Chocolate Filled Sweet Braid

My percentages of Bread Wins have improved…but I am still far from being a competent bread maker.  More and more I get the feeling that this, in particular, is going to be a life long endeavor.  So if I embrace the philosophy that it’s a marathon and not a sprint, then I’m just happy to make it to the next mile marker.  Doesn’t really matter how many miles are behind me, I’m one step closer to the finish line.

I never would have had the courage to try Chocolate Filled Sweet Braid had it not been for two of my favorite local bloggers, Beth and Lan.  These ladies and I attended a free demonstration put on by King Arthur Flour a few months ago.  The truth is, I probably wouldn’t have gone by myself so it’s only by grace of the fact that they joined me that I went at all…I can be a little introverted that way.  If you happened to be at the Holiday Inn by MOM’S that night, we were the ones causing all kinds of trouble in the front row.  After seeing the uber talented KAF staffer breeze through the dough, I started to think maybe I could too.  I left the demo armed with a shot of confidence, a recipe, and a packet of Red Star Yeast.

Since this is me we’re talking about, you know that I had to have at least one bump in the road to Chocolate Filled Sweet Bread.  And it was a pretty big one.  Once I had done the math to scale the recipe in half and had myself all nicely mis en placed, my sponge didn’t start.  There was no bubbly action going on that I could see.  So I set that bowl aside and started again.  This time the sponge developed some lovely bubbly froth and I was in business.  Maybe the first sponge’s lack of cooperation was The Universe challenging me to see how committed I was to the task at hand.  Or maybe I just manged to mangle things.

Either way, the point is that I persevered…and I marked this particular mile with Chocolate Filled Sweet Braid.

Sweet Braid Dough

Adapted from King Arthur Flour

Sponge

  • 1 ounce unbleached all purpose flour
  • 3 ounces warm water
  • 1 teaspoon sugar
  • 1 1/2 teaspoons active dry yeast

Dough

  • all of the sponge
  • 3 ounces plain low fat yogurt or buttermilk
  • 2 ounces butter, softened
  • 1 egg
  • 1 3/4 ounces sugar
  • 1 teaspoon salt
  • 1 teaspoon vanilla or citrus zest
  • 9 to 12 ounces unbleached all purpose flour

Filling

  • 5 ounces cream cheese, at room temperature
  • 1 3/4 ounces sugar
  • 2 ounces sour cream
  • 1 teaspoon vanilla extract

To make the sponge, combine the warm water and 1 teaspoon sugar in a small bowl and stir to dissolve.  Stir in the yeast and 1/4 cup flour.  Cover with plastic wrap and set aside for about 15 minutes or until bubbly.

In a large bowl, combine the sponge, yogurt or buttermilk, butter, eggs, remaining sugar, salt, and vanilla.  Add the remaining flour 1 cup at a time, until the dough pulls away from the sides of the bowl. Once the dough pulls away from the bowl, stop adding flour. Turn the dough out onto a lightly floured counter and knead with lightly floured hands for 5 minutes until pliable and soft but not sticky.  Spray the bowl you mixed the dough in with nonstick cooking spray while you let the dough rest.  Continue to knead the dough until it is smooth and springy (if you gently make an indentation into the dough with your finger the dough will spring back).

Return the dough to the greased bowl, turn to coat it with the nonstick spray and cover the bowl with plastic wrap and a dish towel.  Let the dough sit in a warm place for approximately 1 1/2 hours or until doubled.

Gently deflate the dough and roll into a rectangle approximately 10 x 14 on a sheet of parchment paper.  Using a butter knife or plastic bench scraper, gently score the dough so that it is divided into thirds.  Be sure not to cut through the dough, you just want to mark it for reference.  Cut notches out of each of the four corners and then use your butter knife or bench scraper to cut 1″ wide strips in the two outer thirds of the dough.  The center of your dough will be “fringed” with the strips on each side.  Try to get your strips to line up as much as possible on each side.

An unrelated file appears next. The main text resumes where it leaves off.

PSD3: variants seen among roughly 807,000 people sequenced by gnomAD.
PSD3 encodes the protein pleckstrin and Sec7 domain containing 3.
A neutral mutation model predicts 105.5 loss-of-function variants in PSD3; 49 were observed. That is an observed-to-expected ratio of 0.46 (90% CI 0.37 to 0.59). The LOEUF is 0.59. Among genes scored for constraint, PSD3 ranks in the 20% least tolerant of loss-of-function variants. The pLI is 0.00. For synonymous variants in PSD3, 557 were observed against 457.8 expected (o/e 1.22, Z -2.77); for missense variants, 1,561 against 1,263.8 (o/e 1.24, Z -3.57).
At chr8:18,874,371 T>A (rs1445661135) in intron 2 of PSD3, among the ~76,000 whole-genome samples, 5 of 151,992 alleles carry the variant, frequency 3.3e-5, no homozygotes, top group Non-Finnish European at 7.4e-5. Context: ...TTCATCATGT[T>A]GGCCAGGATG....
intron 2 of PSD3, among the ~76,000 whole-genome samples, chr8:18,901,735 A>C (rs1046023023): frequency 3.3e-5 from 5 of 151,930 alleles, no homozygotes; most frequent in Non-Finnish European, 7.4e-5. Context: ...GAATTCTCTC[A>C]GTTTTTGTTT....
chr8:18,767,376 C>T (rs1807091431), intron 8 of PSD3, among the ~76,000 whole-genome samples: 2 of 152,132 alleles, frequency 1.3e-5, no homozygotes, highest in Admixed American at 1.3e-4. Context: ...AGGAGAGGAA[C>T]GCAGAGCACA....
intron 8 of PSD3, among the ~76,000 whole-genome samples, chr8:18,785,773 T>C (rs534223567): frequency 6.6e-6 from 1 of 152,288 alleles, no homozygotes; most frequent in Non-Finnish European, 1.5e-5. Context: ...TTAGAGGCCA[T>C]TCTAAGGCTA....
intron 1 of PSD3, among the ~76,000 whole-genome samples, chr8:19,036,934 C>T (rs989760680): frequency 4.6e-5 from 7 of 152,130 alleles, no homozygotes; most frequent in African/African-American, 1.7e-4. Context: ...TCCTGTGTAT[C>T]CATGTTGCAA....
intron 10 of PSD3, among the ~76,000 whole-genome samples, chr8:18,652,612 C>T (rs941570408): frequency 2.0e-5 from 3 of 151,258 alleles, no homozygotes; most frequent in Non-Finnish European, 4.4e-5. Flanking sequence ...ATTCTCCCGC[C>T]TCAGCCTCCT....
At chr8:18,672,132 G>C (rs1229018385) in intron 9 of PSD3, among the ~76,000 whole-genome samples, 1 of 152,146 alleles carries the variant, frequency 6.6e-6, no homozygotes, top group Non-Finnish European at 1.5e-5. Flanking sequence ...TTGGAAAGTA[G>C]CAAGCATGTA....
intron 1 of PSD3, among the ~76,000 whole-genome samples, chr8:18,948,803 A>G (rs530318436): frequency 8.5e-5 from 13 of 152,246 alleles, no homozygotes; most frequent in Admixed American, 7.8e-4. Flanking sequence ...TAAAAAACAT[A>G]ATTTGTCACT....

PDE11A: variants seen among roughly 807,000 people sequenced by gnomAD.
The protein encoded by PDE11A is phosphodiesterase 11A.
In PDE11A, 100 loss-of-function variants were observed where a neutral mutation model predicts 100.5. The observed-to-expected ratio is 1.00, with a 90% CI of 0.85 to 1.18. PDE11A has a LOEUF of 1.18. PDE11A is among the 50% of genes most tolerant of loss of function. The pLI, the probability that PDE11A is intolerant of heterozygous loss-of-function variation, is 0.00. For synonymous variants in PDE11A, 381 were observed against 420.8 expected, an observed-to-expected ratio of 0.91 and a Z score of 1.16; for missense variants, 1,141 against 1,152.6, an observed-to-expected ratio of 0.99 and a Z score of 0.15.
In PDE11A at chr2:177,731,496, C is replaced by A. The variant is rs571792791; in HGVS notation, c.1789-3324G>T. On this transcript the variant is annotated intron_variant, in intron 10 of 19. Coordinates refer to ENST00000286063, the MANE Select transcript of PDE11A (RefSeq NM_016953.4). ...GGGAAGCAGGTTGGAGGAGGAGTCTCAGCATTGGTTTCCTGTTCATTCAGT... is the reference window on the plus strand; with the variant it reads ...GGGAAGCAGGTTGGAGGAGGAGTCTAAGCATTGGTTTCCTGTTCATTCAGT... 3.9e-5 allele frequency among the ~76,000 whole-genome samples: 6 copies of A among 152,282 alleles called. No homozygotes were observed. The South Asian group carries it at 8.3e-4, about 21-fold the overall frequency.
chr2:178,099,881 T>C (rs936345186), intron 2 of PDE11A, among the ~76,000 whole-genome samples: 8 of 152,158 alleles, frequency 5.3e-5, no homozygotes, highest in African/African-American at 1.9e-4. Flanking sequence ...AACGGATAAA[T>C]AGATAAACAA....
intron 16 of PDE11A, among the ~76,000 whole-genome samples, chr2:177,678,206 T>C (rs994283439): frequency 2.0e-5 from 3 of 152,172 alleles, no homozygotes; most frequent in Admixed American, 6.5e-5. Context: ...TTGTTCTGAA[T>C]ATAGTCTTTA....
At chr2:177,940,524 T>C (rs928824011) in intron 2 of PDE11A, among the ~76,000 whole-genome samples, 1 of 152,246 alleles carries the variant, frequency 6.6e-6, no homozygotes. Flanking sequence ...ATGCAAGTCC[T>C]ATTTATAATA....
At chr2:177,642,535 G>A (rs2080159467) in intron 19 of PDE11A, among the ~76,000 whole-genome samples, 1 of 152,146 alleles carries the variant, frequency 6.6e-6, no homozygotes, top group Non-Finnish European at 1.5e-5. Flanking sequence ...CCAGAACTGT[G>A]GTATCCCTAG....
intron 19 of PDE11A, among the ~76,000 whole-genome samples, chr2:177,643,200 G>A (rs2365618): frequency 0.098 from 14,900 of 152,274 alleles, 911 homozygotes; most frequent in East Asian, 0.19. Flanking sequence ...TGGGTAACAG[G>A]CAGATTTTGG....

Stir 1 tablespoon all purpose flour into half of the prepared filling and spread over the center third of the dough, leaving 1″ at the top and bottom uncovered.  Reserve the other half of the filling for another use.  Sprinkle 6 ounces chocolate chips over the filling.

Fold the top and bottom flaps down over the filling and then bring the strips of dough fringe across the filling on a diagonal, alternating from side to side.  Press and pinch each strip into the side of the dough as you go until the loaf is braided.

Brush the top of the braid with an egg wash of one egg beaten with one tablespoon water and sprinkle the top with coarse sugar.  Loosely cover the braid with plastic wrap and let rise for 30 to 45 minutes or until puffed.

While the braid rests and proofs, heat the oven to 350 degrees.  Uncover the braid and slide the sheet of parchment onto a half sheet pan. Bake for 30 to 40 minutes or until golden brown and the internal temperature registers 190 degrees on an instant read thermometer.  Transfer the braid still on the parchment to a rack to cool for 30 minutes before slicing.

{printable recipe}

Applesauce Spice Cake

To stay on top of the blog, I make a concerted effort to write my posts as soon as possible after making a recipe.  I like to cook, photograph, and write within 24 hours.  Otherwise, I get disorganized.  And when I get disorganized, there’s no help for me.

I am just now starting to make sense of the mess of recipes that have been accumulating both on my computer desk and in my “drafts” folder since the end of last year.  What I’m finding is that I’m lucky if I remembered to make some kind of comment, no matter how cryptic, to provide useful insight or commentary on the recipes.  More often than not, I didn’t.

I’m talking about months’ worth of cooking and eating commentary, gone forever.  I’ll be honest, my first inclination is to freak the hell out.  But thanks to the savvy marketing of Keep Calm and Carry On, I can let the stoic British spirit be my guide.  So what if I don’t have a picture, or a bit of wisdom, to append to my post.  I must carry on.